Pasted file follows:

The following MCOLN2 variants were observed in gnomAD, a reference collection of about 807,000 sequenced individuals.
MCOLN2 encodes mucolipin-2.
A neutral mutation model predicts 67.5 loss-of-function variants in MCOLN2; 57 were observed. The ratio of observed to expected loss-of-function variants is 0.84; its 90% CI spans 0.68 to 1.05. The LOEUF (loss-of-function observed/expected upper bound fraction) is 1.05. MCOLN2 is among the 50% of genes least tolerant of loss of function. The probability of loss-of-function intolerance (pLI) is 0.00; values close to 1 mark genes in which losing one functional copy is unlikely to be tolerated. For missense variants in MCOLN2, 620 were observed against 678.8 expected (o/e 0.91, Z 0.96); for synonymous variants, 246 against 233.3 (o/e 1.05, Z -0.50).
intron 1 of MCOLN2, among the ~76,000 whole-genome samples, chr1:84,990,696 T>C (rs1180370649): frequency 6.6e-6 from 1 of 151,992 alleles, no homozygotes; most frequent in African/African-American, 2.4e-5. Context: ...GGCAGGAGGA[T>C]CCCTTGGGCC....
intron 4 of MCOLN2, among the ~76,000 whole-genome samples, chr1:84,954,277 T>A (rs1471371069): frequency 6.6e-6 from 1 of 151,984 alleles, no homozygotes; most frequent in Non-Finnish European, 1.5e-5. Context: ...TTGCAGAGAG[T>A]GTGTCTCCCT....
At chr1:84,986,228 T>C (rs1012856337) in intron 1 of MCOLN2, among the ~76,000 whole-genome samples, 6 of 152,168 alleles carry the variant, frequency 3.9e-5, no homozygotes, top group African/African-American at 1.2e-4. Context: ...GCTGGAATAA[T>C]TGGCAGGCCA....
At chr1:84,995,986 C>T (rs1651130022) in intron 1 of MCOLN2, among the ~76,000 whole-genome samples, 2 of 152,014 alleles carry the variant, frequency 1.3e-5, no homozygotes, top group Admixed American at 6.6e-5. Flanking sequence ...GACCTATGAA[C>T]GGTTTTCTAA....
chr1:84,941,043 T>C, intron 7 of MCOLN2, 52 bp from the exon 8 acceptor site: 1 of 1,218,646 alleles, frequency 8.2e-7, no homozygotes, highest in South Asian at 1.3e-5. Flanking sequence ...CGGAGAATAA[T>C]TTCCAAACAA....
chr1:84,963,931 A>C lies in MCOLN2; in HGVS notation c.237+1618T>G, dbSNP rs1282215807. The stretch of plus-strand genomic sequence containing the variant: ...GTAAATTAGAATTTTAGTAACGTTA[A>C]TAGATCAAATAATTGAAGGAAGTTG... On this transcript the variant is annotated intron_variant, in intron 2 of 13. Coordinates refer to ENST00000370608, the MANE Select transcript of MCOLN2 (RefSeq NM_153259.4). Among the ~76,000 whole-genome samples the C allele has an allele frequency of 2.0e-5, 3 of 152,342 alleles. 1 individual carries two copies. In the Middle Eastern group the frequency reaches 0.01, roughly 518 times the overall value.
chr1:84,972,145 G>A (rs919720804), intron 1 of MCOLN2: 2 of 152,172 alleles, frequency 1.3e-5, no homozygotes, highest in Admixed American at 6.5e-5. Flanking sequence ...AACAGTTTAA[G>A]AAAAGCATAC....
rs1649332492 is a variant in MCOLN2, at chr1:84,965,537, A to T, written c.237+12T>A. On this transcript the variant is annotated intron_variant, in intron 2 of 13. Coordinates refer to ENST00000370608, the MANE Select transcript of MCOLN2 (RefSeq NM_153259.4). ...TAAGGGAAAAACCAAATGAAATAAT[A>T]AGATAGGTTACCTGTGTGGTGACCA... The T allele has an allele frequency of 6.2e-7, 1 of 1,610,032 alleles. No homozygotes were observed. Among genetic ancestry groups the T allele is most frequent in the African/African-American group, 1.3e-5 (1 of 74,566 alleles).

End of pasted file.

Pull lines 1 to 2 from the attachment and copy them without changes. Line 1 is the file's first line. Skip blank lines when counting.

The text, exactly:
The following MCOLN2 variants were observed in gnomAD, a reference collection of about 807,000 sequenced individuals.
MCOLN2 encodes mucolipin-2.